The highest caliber international or domestic cricket matches are known as first-class cricket.
A first-class match is one that lasts three days or more and features two teams of eleven players each. It is deemed deserving of the designation due to the caliber of the opposing teams.
Although in reality, a team may only play one inning or none at all, games must allow for two innings to be played by each team.
First-class cricket is one of the highest standards of the game, along with historical single-wicket and contemporary limited-overs formats.
The term “first-class cricket” has no clear origin, but it was widely used before it was given official recognition in 1895 as a result of a gathering of elite English clubs.
It was formally established on a global scale during a meeting of the Imperial Cricket Conference (ICC) in 1947.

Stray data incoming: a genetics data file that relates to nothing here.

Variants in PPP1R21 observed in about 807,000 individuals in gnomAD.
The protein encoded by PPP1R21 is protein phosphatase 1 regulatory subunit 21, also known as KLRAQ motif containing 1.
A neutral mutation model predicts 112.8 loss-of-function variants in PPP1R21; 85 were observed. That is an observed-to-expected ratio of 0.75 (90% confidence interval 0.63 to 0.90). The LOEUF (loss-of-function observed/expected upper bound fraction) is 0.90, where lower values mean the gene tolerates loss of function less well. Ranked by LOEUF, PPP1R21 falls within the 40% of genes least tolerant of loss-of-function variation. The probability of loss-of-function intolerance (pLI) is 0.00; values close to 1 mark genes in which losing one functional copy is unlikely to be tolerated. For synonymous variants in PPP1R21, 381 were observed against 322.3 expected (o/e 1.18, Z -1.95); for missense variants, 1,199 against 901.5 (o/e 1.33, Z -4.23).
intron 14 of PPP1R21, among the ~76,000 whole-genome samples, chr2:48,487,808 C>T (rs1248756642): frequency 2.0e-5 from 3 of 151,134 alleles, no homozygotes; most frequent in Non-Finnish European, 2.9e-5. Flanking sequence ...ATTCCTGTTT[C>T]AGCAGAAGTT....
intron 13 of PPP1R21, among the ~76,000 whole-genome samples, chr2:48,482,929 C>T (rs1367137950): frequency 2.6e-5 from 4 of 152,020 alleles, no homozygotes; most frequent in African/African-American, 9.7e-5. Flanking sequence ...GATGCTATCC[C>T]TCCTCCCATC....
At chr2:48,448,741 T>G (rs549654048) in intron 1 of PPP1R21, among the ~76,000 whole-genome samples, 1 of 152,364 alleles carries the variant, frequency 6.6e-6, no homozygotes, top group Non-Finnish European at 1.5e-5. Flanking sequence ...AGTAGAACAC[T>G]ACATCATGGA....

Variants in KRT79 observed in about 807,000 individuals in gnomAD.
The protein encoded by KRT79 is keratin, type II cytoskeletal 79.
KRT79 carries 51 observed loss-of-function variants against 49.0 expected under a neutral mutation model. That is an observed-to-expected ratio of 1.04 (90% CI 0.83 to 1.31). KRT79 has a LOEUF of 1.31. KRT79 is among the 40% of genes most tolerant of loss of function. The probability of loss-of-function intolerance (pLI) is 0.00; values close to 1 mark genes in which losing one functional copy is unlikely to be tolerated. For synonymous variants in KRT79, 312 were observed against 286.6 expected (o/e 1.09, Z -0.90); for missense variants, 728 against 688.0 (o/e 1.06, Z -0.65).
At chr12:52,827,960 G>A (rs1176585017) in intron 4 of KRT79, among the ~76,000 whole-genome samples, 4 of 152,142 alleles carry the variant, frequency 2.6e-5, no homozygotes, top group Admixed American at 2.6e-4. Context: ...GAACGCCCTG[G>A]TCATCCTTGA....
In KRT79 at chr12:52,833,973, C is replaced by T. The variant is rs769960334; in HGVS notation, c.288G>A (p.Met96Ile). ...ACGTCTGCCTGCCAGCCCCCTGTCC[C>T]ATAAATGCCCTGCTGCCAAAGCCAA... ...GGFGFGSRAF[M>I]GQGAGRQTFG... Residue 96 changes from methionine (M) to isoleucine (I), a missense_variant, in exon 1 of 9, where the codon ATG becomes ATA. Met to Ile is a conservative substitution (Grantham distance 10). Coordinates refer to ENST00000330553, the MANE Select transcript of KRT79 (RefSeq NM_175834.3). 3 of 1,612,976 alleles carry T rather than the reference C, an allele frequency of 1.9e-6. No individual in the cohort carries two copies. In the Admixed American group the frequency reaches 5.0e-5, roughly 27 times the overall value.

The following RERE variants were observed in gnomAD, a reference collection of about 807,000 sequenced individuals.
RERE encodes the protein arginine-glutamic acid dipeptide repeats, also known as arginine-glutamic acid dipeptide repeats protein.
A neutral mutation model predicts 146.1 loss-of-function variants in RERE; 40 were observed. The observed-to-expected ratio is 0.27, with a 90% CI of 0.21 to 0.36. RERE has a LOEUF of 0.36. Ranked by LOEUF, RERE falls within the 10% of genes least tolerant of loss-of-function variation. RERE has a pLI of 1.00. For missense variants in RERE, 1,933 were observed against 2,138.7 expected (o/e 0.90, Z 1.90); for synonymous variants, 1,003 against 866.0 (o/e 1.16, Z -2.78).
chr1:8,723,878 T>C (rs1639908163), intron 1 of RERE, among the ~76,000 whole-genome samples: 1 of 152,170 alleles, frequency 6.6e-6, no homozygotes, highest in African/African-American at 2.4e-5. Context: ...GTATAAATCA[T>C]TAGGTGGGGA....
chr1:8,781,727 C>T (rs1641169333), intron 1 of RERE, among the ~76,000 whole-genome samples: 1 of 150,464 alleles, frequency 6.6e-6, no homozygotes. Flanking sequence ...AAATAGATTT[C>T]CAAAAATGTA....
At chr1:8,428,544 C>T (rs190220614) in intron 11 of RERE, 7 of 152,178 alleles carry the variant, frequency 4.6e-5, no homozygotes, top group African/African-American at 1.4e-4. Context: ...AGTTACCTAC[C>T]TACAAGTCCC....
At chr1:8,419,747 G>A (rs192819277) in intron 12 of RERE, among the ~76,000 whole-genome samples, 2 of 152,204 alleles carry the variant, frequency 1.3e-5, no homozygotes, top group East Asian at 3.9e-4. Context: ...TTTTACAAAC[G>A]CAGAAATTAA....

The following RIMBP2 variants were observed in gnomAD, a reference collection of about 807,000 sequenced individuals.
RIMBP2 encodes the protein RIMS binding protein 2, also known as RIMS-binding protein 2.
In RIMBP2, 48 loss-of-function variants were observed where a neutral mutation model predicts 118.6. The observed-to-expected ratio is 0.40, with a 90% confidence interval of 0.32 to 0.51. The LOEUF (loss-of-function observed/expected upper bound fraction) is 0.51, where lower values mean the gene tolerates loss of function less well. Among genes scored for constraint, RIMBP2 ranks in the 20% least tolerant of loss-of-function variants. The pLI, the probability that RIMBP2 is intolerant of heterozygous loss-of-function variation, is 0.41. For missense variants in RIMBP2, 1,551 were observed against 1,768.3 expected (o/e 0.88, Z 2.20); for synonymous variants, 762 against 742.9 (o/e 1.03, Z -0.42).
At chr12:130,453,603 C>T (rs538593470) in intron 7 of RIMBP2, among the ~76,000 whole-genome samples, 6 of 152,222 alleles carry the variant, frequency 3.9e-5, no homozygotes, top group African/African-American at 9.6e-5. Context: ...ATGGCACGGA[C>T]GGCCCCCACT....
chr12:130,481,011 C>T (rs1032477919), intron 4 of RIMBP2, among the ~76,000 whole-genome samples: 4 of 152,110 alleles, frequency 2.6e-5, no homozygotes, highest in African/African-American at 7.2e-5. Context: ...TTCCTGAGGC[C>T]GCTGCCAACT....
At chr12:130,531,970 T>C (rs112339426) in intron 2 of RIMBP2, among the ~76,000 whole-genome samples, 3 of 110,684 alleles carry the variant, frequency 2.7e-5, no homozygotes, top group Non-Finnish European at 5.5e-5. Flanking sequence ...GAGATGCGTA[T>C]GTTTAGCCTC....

Any attempt to define first-class cricket retroactively was notably left out of the ICC judgment.
Because of this, it has become difficult for historians, particularly statisticians, to classify previous games, particularly those played in Great Britain before 1895.
The Association of Cricket Statisticians and Historians (ACS) proposes classifying all high-caliber pre-1895 matches as noteworthy matches.
Although the term “first-class” is typically used to refer to domestic competition, test cricket, the highest quality of cricket, is statistically a type of first-class cricket.
Any performances in Test matches are included in a player’s first-class statistics.
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